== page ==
Mercury, America’s first manned spacecraft, had a solid-fuel rocket motor on a tower attached to the capsule’s nose for launch escape.  If the booster rocket malfunctioned the solid fuel motor would pull the spacecraft and its occupant to safety.  Before Mercury carried a human pilot into space, the launch escape system had to be thoroughly tested under the most extreme conditions anticipated.

To test the launch escape system, NASA engineers designed a rocket called the Little Joe.  Little Joe comprised an aluminum airframe built around a cluster of four modified Sergeant solid rocket motors called either Castor or Pollux depending upon the modifications.  Later in the design phase, four smaller Recruit motors were added to supplement the Castors.  The number of motors could be varied to tailor the particular fight profile to the desired test objectives.  Max Faget, the chief engineer for Mercury came up with the name “Little Joe” because the original arrangement of four solid fuel motors reminded him of the double deuce – a pair of twos – in dice, which is called little joe.  Motors could be ignited in sequential pairs, giving the Little Joe a “two-stage” ascent profile.

The North American Aviation Missile Division received a contract from NASA to construct the Little Joe airframes.  They built the rocket body from 0.10-inch aluminum.  Little Joe launches were made from Wallops Island, Virginia, a NASA research facility on the Atlantic coast.

There were seven Mercury Little Joe flights, the highest of which reached 53 miles.

Little Joe 1 (LJ-1) was scheduled for August 21, 1959.  The flight was supposed to test the launch escape system under high aerodynamic load conditions.  At first, everything proceeded smoothly with the countdown, until thirty-one minutes before launch, when the escape rocket unexpectedly fired.  Everyone in the immediate area scrambled for cover.  When the smoke cleared, they saw the Little Joe booster still there, minus the spacecraft, which landed about 2,000 feet away.  There had been a “sneak” circuit, or “ghost” voltage that fired the escape motor prematurely.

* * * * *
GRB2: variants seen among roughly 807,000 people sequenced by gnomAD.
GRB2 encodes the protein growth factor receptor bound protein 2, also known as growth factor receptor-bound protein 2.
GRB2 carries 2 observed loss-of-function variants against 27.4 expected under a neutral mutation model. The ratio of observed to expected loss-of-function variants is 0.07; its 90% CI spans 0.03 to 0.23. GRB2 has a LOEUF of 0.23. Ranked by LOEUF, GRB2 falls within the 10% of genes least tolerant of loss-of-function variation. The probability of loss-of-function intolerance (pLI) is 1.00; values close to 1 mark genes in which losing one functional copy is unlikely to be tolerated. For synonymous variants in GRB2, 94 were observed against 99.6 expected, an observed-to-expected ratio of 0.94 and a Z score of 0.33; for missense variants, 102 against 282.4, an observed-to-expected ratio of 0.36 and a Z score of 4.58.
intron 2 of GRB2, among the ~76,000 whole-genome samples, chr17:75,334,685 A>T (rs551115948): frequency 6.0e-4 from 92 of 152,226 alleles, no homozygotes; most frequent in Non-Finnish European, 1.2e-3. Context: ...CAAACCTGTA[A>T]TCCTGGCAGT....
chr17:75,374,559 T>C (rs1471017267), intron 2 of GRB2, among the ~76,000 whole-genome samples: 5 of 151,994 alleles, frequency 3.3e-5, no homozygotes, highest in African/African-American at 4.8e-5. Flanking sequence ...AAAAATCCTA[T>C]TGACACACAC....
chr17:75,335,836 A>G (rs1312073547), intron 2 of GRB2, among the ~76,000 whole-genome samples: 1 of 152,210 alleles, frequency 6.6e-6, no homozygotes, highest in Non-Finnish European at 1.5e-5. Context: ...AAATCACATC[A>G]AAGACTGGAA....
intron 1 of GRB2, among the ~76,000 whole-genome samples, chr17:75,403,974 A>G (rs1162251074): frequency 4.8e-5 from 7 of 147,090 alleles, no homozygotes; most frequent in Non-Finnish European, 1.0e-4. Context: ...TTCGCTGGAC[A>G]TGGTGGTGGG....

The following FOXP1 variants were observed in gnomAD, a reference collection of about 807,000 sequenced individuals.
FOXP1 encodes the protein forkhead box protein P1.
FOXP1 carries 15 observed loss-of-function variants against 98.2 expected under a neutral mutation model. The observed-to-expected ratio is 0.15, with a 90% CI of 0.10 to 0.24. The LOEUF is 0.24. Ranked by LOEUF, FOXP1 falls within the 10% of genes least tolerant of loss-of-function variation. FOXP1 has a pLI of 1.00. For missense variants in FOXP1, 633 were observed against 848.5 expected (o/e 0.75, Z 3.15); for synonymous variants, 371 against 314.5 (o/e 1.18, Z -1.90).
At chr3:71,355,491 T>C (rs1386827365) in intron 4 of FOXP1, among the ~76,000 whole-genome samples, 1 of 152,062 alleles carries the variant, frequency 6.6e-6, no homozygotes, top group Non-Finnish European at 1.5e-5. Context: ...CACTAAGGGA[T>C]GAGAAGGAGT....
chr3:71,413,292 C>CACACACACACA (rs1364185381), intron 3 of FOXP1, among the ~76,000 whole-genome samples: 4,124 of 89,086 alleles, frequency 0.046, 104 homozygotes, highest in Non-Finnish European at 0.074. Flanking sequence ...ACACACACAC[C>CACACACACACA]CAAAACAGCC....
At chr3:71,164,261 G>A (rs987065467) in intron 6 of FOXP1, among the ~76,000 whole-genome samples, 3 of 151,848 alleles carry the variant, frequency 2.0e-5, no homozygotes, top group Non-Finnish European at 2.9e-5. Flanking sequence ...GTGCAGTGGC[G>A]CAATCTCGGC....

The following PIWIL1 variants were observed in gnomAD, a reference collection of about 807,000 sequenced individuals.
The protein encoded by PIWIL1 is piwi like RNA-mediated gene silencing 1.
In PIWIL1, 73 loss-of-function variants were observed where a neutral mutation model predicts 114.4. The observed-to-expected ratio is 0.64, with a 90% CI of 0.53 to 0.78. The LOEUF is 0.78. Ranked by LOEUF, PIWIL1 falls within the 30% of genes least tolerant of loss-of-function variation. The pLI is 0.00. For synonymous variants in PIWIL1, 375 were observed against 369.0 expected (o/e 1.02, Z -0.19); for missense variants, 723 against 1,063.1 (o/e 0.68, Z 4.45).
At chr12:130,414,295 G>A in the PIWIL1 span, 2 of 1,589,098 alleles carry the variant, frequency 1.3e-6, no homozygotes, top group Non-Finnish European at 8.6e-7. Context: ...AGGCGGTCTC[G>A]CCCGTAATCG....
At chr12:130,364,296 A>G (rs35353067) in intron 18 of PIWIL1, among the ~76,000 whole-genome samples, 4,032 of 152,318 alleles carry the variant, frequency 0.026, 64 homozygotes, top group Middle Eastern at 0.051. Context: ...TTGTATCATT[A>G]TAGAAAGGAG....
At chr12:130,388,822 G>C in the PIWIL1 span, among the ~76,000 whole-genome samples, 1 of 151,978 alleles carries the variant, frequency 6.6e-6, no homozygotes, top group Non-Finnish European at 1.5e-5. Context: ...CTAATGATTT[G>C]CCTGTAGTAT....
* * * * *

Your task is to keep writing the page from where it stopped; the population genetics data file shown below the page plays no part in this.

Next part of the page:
Little Joe 6 flew on October 4, 1959.  This flight was inserted into the program after the LJ-1 failure and used the booster planned for the first flight.  The purposes of this flight were to validate the structural integrity of the launch vehicle and spacecraft combination, check the operation of the launcher, and gather aerodynamic data. LJ-6 carried an inert launch escape motor. Four Pollux and four Recruit motors propelled LJ-6 to an altitude of 37 miles.

Launched on November 4, 1959, LJ-1A, a second attempt at the first mission, was considered a partial success because the escape rocket fired ten seconds too late and the aerodynamic loads were only a tenth of what had been desired.  Because preparations for the next flight were already far advanced, NASA managers decided to go ahead with the LJ-2 flight as planned.  The next attempt to test the launch escape system under maximum dynamic pressure would wait until January.  LJ-2, a test of the high-altitude escape performance, also carried the program’s first passenger.